Tough economic times mean that some schools are really struggling. Some schools struggle to fund music programs, art programs and sports programs. Other schools don't have the proper supplies, sufficient staff, safe playground equipment or enough money to offer financial aid for tuition. Parents and children can work together to get donations for a school. There are many ways that a school can collect donations, and fortunately, the school grounds are a great place to hold fund-raising events such as auctions, concerts and car washes. What's more, a school is the perfect place to find volunteers for fund-raising events, as the children and their families can directly benefit from the donation-collection efforts. When seeking donations for a school, it's important to work closely with school administrators. They will need to be notified of all fund-raising efforts.

Find other people who are willing to help gather donations. This can be done by approaching the school PTO members or by starting a new organization (i.e. The Friends of School X). You can get other families involved by asking to have an announcement included in the school bulletin that's sent home with the children. You can approach fellow parents yourself, and you can reach out to the community through newspapers or the school website.

Set up an email address and/or website that can be used to distribute information to families who are interested in helping with fund-raising efforts.

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Approach area businesses to ask for donations of goods or services, and hold a raffle or auction at the school. The proceeds can benefit the school, and donations can be collected at the event.

Organize a canister drive with fellow parents or members of the PTO. The canisters can be purchased at an office supply store and decorated by the children. Donation canisters can be placed in area businesses. Volunteers can collect the donations on a weekly basis.

Organize a school yard sale or bake sale. Notices can be sent home with students, asking for baked goods or donations of items for a yard sale. Hold the event at the school and raise money by selling the baked goods or yard sale items.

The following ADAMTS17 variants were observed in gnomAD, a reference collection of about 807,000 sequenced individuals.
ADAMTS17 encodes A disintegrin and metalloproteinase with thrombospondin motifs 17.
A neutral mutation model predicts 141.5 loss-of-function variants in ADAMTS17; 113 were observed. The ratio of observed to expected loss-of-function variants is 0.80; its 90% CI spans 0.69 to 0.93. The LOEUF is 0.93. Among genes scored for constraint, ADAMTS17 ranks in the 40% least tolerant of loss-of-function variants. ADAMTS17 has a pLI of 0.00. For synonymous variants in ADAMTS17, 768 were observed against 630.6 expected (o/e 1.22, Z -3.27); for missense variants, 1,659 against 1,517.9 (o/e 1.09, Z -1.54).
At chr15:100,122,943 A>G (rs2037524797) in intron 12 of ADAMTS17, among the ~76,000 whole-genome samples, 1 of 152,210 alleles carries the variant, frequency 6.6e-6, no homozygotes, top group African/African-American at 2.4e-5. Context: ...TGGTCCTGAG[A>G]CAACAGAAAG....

Contact the school's band director, chorus director or drama director, along with school administration, and volunteer to oversee arrangements for a performance. The concert can be held at the school as a fund-raiser, with donations requested at the door.

Contact school sports team coaches to organize a benefit or donation collection event. Sports team members can wash cars and collect donations. The kids can volunteer to stand outside local businesses to collect donations or the school's sports teams can hold a benefit game, where attendees are asked to make a donation.

Work with the school's art department to arrange a student art sale. High school students can create paintings, sculptures, drawings and other pieces of artwork that can be donated for the art sale, with all proceeds benefiting the school.

Solicit donations from the school's alumni. Private schools, universities and some high schools have an alumni office that oversees communications with graduates. You can ask to have a donation request included with the next alumni newsletter, or you can arrange to have a special donation solicitation form sent out through the alumni office.

Tips

  • Get the kids involved. If you're seeking donations for new sports equipment, get the sports team members involved. School clubs, teams, band members, Girl Scouts and Boy Scouts--these groups can be active in collecting donations and holding fund-raisers.
  • Use media outlets to your advantage. Newspapers and cable-access channels will usually publish or broadcast fund-raiser event listings for free.
  • You will need a trusted person who can handle the donations. A group may wish to appoint a treasurer. A formal organization, such as a PTO, can create a bank account specifically for donations.
  • Community organizations may be willing to help with fund-raising efforts. So reach out to clubs and organizations within the community to ask for help.

Things Needed

  • Phone
  • Computer with Internet access
  • Copy/printing service
  • Donation canisters

About the Author

This article was written by The Classroom team, copy edited and fact checked through a multi-point auditing system, in efforts to ensure our readers only receive the best information. To submit your questions or ideas, or to simply learn more about The Pen & The Pad, contact us here.